Several of the 11 owl species that inhabit most parts of Idaho and the region are already well into their courtship and production of a new generation, according to Jim Lukens of the Idaho Fish and Game Department.
They get the early start so the hatching of owlets will coincide with peak prey abundance in spring. That gives owlets a long summer to become skillful, self-sufficient hunters, he said.
Great horned owls revved up their season of love as early as December, when it’s not uncommon around the wooded edges of Spokane to hear great horned owls hooting before dawn or after sunset.
“Territorial hooting – called the ‘advertisement song’ – is commonly heard at sundown,” Lukens said. “Often sung in duet by the male and female, this call announces a territory and may serve to strengthen the pair bond.”
The hoot of the female great horned is higher pitched than the male’s even though the females are up to a third larger.
Pair duets are usually heard prior to egg laying, often in the immediate vicinity of a chosen nest.
What they say to each other is still a mystery. “Great horned owls have a wide repertoire of calls, including squawks, chitters and barks, whose meanings are still poorly understood,” Lukens said.
Western screech owls also are early nesters. These small woodland owls have distinct eartufts. Pairs use two song types: the “bouncing ball” song – used for territorial advertisement, and the “double trill” song – used as a contact call between the male and female, Lukens said. Again, the female’s voice is higher pitched.
Northern saw-whet owls, small, short-bodied owls with enormous eyes, make occasional forays into the valleys where people are more likely to observe them.
Named for their alarm call, which resembles the whetting of a saw with a file, the male’s advertising song is much different – a series of monotonous toots usually sung from a prospective nest hole. The female sometimes sings a softer version, Lukens said.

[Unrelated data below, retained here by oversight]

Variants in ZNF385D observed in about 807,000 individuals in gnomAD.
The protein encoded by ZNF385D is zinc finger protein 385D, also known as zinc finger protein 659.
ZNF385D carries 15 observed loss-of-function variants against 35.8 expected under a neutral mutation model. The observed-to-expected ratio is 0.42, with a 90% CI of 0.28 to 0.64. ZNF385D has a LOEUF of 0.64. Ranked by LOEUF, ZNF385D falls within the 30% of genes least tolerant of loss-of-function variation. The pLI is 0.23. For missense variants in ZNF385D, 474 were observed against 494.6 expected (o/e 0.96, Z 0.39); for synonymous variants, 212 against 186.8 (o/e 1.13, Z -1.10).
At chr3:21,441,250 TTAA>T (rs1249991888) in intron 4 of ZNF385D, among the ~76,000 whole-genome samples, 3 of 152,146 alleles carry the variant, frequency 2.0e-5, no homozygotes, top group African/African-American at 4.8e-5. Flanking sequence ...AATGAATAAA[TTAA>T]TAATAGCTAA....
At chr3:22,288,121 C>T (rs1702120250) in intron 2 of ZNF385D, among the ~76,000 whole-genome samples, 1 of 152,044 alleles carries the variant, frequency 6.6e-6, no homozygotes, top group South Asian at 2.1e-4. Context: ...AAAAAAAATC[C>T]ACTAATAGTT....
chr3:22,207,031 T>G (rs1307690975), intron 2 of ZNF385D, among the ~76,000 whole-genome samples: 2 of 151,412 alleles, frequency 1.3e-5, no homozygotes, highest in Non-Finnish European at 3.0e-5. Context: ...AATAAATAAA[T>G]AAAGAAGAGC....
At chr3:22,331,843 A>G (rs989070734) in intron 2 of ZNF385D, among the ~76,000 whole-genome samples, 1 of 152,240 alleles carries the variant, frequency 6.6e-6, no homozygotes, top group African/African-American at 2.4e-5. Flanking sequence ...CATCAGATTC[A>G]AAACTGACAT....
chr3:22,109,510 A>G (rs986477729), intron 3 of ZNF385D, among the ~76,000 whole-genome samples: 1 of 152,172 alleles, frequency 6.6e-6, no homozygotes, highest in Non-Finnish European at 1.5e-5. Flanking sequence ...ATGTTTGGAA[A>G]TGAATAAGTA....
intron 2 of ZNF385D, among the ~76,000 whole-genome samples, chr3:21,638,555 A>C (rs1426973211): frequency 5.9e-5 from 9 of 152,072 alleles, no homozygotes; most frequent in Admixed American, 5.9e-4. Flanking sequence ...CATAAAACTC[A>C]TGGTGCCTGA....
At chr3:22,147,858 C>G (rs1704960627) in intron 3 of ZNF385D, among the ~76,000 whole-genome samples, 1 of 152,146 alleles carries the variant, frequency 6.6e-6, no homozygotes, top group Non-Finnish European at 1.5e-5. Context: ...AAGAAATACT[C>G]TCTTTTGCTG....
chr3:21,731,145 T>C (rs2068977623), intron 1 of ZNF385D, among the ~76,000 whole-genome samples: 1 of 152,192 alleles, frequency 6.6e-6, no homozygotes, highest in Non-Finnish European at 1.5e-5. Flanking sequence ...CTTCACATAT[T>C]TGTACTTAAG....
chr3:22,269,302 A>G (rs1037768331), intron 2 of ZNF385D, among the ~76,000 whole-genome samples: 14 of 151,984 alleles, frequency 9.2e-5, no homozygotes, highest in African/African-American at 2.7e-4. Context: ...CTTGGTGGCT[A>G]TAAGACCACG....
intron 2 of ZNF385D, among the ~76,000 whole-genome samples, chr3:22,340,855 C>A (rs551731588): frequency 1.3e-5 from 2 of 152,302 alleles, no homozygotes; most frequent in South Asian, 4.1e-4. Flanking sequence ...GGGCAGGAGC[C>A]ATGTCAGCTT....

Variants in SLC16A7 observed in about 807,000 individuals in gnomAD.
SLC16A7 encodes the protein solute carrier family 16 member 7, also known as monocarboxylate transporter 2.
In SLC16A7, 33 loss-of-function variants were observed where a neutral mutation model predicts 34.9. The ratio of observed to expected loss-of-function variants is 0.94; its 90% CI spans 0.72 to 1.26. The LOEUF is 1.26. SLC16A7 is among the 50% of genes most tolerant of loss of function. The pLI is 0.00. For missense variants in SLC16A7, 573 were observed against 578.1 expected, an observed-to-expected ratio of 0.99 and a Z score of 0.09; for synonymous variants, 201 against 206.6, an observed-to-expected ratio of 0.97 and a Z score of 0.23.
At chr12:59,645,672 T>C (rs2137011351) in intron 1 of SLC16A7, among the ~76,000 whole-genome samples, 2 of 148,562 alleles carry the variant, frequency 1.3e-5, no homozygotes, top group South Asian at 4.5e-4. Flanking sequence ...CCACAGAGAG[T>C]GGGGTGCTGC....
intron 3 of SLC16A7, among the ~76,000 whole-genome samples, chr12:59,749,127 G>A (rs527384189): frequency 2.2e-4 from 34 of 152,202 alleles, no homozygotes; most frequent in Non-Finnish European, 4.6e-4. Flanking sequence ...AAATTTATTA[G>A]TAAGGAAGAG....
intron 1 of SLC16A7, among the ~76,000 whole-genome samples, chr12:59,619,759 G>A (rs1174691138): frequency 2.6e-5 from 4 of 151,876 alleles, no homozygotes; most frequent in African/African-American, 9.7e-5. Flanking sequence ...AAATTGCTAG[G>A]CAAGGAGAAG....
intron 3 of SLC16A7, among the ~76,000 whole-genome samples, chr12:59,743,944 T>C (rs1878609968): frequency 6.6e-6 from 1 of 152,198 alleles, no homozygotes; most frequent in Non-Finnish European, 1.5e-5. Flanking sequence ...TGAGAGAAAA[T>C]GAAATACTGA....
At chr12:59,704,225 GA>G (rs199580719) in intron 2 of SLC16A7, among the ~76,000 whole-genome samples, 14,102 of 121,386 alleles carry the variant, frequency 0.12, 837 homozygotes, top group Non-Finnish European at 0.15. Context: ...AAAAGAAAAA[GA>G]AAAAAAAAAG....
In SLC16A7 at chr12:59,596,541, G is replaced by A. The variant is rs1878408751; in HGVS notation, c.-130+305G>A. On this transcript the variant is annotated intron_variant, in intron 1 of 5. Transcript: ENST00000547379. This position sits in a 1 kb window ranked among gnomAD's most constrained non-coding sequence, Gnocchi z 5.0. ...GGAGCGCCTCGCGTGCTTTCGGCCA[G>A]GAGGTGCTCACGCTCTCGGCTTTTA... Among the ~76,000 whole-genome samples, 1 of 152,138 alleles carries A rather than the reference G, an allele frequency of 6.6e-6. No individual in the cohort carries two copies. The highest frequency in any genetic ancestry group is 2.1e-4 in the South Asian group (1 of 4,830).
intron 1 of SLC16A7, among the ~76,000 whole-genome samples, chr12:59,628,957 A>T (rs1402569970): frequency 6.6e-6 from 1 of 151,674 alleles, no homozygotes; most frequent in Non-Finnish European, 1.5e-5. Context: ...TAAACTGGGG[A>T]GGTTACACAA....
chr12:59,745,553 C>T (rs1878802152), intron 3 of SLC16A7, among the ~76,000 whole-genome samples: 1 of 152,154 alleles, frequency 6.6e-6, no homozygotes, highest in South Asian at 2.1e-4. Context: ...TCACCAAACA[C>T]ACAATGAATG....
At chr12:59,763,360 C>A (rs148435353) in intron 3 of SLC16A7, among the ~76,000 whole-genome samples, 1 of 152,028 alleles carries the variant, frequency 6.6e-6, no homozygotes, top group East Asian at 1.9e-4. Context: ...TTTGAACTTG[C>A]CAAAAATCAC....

The northern pygmy owl is a tiny woodland owl of the Mountain West common around the Inland Northwest. It sings most frequently at sunrise and sunset, he said. The male’s common advertising call – or “toot” song – is a repetitive single note sung late February through June.
“One of our rarest owls, the boreal owl, is a year-round resident of subalpine forests,” Lukens said. “This small owl nests in old woodpecker cavities. Males start singing as early as late January, with females joining in by early February.
“The male’s ‘staccato’ song serves as a long-distance advertisement to potential mates and is usually given in the vicinity of potential nest cavities.”
The great horned howl is the most accommodating of these owls in giving us a glimpse into their nurseries.
Their large nests are fairly easy to spot in big trees including pines and cottonwoods.
Soon we’ll be seeing the large gray gloves of their offsprings’ heads easing up above the nest level, another generation to make it a hoot to be in the woods.